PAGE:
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Blog post written by David Hackel.

Congratulations! You have sometime in the not-so-distant past received a degree from a higher education institution (or are in the process of doing so), refined your skills in varied fields, and seriously begun the process of transitioning into the phase of life deemed “the real world.” This is also the stage in life where you are monetarily rewarded for your services, if you know how to market yourself to get your dream job.

And since you’ve come this far…and spent years—essentially you’re entire existence—preparing for this moment, you might as well do a bit of research into how to get that job you are oh-so-keenly interested in. Why? Because attaining that job may certainly provide you with a sense of personal gratification but will also help to place you in a comfortable financial position.

So take a few minutes to peruse this list of four ways to market yourself and be a desired job candidate. After all, you deserve that job. And you deserve a great financial future!

4 Ways to Market Yourself for a Job

1. Be Personable

This is perhaps the most crucial element of learning how to market yourself to be offered your dream job. According to MarketWatch, David Deming—an associate professor of education at The Harvard Graduate School of Education—has thoroughly studied the job market and has concluded, “The labor market increasingly rewards social skills.”

According to Deming, an aptitude in mathematics and quantitative skills—too—is a plus. Jobs that include high social skills and high math skills include: physicians, financial managers, and engineers. Meanwhile, jobs that contain intensive social but relatively limited mathematical proficiency include: police officers, detectives, social workers, lawyers and dentists.

However, as automatons become an increasingly vital part of production and the job market, rote-based (largely mathematical) jobs will progressively be replaced. And as such, personable, warm, and social individuals will become more desirable. Similar to the study performed by Professor Deming, a 2014 report by the Pew Research Center, stated that: “Traits such as empathy, creative thinking and judgment are things that machines will never be able to do, or anything approaching a short timeline.”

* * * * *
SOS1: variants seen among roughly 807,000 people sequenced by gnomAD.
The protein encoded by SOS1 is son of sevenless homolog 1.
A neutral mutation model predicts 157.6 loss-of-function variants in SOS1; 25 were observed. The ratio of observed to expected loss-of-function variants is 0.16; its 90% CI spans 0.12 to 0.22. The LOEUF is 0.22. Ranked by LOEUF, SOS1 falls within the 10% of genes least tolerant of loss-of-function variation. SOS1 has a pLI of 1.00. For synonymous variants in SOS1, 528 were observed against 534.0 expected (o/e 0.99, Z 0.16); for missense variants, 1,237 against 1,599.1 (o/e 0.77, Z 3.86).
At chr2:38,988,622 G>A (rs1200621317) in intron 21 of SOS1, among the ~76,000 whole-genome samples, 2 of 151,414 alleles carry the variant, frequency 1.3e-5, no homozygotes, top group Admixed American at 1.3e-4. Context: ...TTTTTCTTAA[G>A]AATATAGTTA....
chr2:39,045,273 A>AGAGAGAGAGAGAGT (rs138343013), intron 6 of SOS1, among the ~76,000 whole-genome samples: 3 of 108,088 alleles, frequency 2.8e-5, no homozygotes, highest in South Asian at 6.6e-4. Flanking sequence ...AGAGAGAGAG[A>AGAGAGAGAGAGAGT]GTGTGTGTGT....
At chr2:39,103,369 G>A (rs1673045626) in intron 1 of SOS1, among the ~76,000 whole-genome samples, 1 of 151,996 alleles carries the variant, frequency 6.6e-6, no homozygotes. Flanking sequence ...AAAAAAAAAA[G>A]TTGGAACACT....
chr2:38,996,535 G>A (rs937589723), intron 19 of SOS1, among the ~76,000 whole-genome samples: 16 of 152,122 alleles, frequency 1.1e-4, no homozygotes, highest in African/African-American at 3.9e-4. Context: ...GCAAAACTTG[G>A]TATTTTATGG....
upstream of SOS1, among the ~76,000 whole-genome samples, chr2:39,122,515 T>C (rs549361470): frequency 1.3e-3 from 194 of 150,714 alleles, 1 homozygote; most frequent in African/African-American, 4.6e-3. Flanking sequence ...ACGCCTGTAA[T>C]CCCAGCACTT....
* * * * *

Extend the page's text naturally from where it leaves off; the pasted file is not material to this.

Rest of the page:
Interestingly, according to MarketWatch, the increasing importance of social skills is closely tied to a progressive closing of the gender wage gap. Currently, women dominate fields that include nursing, education, and accounting—all of which require you to be a likeable character. Thus, as these fields’ services become more preferred, their wages will ultimately increase.

We’re not saying you need to hug everyone you meet, but it’s certainly in your benefit to be personable and someone that others want to work with on the daily. Ultimately, that’s what matters when it comes to marketing yourself and for placing you in the best position to score that job.

marketing yourself

2. Be Confident

Be confident, and be someone your interviewer respects and admires. According to Tim Sackett, current president of HRU Technical Resources, at the final stage of an interview for an HR position at Applebee’s, Sackett’s future boss asked him one last question: “Are you better than me?” This is a horrifying position for an applicant to be put in. If you answer “yes,” do you disrespect your superior? If you answer “no,” do you show weakness and lack of faith in yourself? Sackett responded, “Yes.” He got the job. That’s a great example of how to market yourself right there! However, most people would not have the courage to respond as such. Executives and those responsible for hiring prefer confidence and a belief in one’s ability. Display that you maintain faith and courage. Be a leader: someone who your future boss wants not only to respect, but to learn from.